It seems like everyone, other than possibly Microsoft's Vista team itself, seems to believe that the User Account Control (UAC) in Vista already needs an overhaul. The question is, who is going to do it? And what form will it take?
UAC has given some Microsoft and third-party applications incompatibility fits. It's also leading to problems for some users trying to write to an external hard drive.
So who will step up and take the UAC fix-it challenge? Will it be Microsoft itself? A security consulting firm? A Microsoft competitor, like Symantec, which has said it is interested in delivering an alternative to UAC? Or perhaps a more neutral third-party software vendor?
The most sensible answer, of course, would be for Microsoft to step in and revamp UAC so that fewer customers shut it off and risk security problems in order to rid themselves of automatic pop-up annoyances.
Short of that, perhaps there's another way to fix UAC. On Stardock's WinCustomize site, there's a hypothetical discussion about alternative ways UAC could be made to function better:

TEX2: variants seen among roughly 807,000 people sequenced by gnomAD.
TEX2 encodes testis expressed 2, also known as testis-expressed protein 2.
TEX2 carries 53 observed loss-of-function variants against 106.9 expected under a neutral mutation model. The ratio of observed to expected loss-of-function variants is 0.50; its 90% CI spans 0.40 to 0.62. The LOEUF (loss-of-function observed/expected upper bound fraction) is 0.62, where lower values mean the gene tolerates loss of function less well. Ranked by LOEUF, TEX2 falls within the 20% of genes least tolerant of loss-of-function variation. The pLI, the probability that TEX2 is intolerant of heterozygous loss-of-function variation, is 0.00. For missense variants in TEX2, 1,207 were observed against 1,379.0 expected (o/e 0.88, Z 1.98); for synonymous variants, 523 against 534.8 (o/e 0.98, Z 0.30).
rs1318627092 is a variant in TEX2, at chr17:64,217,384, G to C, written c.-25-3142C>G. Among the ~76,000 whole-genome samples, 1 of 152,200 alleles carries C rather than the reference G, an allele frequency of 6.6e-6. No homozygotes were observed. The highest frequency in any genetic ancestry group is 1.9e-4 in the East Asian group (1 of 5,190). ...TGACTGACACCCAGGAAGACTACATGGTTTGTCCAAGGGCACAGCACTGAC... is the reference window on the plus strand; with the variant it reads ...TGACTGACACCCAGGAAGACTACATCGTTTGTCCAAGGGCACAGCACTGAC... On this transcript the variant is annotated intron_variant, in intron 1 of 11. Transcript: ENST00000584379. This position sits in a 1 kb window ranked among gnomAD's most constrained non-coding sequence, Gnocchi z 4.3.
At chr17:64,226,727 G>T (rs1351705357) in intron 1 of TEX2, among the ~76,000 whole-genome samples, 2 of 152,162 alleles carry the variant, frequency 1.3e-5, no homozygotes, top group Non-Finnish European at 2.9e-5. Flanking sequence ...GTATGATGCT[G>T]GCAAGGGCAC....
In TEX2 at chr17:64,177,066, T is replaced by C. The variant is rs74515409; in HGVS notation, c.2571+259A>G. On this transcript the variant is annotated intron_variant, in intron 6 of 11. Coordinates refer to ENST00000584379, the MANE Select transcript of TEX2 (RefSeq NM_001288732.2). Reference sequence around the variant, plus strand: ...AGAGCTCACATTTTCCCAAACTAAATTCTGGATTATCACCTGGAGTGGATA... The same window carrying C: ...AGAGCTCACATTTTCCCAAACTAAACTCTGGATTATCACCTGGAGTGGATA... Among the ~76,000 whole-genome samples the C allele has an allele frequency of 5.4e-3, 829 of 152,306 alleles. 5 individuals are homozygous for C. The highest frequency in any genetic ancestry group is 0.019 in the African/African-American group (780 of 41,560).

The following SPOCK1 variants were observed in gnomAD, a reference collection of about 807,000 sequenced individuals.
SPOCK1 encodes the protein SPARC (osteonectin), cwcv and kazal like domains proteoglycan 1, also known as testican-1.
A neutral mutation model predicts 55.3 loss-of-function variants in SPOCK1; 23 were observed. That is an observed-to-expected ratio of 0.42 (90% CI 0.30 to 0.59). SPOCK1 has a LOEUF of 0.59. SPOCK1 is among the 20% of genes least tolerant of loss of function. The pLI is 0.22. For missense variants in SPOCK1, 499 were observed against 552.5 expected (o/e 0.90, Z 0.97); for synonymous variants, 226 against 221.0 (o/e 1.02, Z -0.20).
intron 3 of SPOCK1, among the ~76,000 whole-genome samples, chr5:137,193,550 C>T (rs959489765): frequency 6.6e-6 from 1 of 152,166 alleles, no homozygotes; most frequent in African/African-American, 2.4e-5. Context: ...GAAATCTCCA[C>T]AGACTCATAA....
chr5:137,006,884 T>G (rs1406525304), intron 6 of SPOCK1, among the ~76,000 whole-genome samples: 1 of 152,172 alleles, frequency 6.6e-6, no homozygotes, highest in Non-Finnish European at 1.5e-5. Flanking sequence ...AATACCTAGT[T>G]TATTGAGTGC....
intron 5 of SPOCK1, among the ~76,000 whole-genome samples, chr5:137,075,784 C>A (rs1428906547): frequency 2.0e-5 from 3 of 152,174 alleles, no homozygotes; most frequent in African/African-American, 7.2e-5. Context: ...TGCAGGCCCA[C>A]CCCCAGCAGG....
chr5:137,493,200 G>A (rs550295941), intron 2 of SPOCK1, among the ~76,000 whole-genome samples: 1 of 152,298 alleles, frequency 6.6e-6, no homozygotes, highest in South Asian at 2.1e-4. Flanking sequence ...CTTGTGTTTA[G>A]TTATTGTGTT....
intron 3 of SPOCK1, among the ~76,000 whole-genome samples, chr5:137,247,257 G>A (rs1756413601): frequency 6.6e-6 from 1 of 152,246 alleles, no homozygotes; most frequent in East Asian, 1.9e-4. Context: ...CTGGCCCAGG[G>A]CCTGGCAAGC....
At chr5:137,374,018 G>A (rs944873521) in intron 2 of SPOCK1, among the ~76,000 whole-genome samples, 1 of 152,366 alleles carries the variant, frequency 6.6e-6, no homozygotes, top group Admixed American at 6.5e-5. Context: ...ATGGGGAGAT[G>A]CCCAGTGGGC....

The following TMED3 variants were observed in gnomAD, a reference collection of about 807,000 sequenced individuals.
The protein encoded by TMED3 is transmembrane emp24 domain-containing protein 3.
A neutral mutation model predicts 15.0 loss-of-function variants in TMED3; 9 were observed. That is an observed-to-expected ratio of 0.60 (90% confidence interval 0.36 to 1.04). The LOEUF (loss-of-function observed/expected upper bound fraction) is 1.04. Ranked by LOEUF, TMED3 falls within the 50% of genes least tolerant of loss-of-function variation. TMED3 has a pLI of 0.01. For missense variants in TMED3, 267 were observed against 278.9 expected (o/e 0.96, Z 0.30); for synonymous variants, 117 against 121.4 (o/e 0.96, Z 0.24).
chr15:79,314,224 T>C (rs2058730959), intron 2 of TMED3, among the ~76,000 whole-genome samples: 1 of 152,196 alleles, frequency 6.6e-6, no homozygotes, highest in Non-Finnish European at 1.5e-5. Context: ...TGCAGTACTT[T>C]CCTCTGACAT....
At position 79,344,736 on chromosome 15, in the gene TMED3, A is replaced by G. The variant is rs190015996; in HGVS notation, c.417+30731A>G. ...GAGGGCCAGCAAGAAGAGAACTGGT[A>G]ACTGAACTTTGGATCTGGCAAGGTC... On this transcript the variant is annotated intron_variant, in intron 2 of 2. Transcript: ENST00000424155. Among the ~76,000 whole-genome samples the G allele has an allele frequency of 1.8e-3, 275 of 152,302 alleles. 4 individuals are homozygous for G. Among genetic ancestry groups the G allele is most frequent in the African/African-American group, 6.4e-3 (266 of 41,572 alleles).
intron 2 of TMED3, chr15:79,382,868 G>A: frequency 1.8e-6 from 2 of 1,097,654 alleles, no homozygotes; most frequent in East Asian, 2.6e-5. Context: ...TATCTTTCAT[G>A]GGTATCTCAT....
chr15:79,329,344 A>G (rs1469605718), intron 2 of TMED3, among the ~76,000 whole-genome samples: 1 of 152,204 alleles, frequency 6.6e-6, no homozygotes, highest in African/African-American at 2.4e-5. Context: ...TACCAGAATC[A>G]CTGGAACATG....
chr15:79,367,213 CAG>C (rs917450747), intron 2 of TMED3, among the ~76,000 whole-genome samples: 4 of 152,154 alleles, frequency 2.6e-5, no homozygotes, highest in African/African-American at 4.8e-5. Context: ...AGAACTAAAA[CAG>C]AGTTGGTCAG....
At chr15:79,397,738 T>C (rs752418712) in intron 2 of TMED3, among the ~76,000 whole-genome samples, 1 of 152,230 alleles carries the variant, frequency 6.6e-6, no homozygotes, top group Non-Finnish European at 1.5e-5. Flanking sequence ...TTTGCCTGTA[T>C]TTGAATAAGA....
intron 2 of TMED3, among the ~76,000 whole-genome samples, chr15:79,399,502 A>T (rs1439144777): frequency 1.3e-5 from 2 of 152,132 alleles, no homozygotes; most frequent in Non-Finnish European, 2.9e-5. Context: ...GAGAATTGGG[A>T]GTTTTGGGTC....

"Imagine the UAC remembering what users had given it permission to previously? Right now, every time I open up Stardock Central, I'm prompted by UAC. Very annoying. What if after I selected 'continue,' it saved Stardock Central and its checksum such that it wouldn't come up again for that program as long as it was unchanged?
"Another example would be after I select continue on the UAC, the account remains in an elevated state for say 5 minutes (or some user-defined time) so that anything else that needs UAC would automatically be passed."
Most Valuable Professional (MVP) Donna Buenaventura suggests that admins can solve many UAC problems by simply making UAC invisible to standard users by changing a few Group Policy-settable options.
What do you think? Would any of these alterations alleviate Vista's UAC problems? Or is there another solution out there for users who have gone or plan to go Vista?
(And how about something other than the predictable round of "buy Mac, buy Linux, stay with Windows 95" this time around?)
Hat tip to my fellow ZDNet blogger Ryan Naraine over at the Zero Day security blog for help with this post.